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We can see from the data sheet on Ilford Multigrade Paper (https://www.ilfordphoto.com/amfile/file/download/file_id/1957/product_id/743/) that the curve gets steeper with increased contrast and tonal range shrinks (as expected). Various techniques seek to maximize tonality, and I'm a fan of the split grade printing technique. Let's assume I've printed an image with the maximum tonality that I can achieve (given my artistic contrast needs, of course :-)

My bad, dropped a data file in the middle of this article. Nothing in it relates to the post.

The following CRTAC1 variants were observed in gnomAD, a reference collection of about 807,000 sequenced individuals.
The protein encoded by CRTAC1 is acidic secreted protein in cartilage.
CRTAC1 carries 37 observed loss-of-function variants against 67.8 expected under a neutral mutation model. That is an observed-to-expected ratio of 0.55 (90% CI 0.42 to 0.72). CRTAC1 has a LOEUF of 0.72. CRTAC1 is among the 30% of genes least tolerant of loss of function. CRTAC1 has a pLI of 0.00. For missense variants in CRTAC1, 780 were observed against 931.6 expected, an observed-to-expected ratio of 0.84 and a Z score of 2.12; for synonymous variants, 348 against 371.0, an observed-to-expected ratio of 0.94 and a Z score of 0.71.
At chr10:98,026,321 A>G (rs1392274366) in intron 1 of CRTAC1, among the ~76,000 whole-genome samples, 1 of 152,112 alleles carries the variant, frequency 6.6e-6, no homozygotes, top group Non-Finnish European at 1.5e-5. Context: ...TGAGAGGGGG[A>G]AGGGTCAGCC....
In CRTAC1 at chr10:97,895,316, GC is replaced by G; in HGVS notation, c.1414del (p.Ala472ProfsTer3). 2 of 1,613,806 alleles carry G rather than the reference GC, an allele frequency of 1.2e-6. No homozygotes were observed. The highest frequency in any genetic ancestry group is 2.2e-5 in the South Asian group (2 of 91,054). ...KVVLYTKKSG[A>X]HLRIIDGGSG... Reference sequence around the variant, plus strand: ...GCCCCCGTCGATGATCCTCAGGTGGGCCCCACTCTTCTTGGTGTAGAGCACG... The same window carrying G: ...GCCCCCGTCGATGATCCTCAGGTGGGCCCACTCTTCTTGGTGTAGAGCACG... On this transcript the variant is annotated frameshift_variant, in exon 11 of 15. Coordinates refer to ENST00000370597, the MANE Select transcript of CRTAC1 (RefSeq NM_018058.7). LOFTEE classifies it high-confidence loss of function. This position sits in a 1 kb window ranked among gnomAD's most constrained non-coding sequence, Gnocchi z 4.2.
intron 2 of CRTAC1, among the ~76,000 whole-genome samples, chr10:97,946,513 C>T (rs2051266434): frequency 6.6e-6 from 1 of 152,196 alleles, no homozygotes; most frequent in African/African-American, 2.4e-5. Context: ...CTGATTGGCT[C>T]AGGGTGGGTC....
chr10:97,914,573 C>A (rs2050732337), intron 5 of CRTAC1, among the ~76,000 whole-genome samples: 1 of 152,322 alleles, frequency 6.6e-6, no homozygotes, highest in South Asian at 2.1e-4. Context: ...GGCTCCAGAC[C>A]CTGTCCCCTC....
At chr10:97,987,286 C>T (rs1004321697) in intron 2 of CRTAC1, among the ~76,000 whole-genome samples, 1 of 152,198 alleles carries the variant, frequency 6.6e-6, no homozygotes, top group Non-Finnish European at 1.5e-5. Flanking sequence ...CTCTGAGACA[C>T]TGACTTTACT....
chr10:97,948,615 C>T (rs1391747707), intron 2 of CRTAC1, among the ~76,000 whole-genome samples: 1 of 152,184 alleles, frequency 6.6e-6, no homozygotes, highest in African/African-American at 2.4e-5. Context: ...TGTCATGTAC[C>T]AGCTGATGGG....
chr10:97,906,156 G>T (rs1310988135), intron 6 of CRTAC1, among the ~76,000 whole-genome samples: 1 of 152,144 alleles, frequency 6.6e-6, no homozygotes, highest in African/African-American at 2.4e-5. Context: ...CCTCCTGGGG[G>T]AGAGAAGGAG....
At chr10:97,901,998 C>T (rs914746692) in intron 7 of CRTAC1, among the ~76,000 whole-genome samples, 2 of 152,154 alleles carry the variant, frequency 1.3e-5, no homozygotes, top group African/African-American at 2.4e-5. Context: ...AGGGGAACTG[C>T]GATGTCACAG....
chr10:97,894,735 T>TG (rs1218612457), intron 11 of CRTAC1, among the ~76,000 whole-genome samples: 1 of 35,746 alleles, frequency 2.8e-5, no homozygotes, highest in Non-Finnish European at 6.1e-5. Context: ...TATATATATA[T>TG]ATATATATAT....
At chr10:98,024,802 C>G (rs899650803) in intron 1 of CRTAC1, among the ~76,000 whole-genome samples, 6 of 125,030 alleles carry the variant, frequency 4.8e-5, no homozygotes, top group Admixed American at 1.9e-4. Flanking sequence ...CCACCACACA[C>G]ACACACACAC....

Now I'm going to split tone it in sepia. In the past, I've done this by trial and error to get something that I like. What my question is: is there any more scientific way of going about toning? What happens to the print's characteristic curve during toning? Can the coloration be quantified and graphed as a product of the original characteristic curve and some modifier for time in bleach and/or chemical dilution?

Just as I can look at a film characteristic curve and understand how much latitude I have to work with and (pending development) how much contrast as well...how can I have this same insight into toning?

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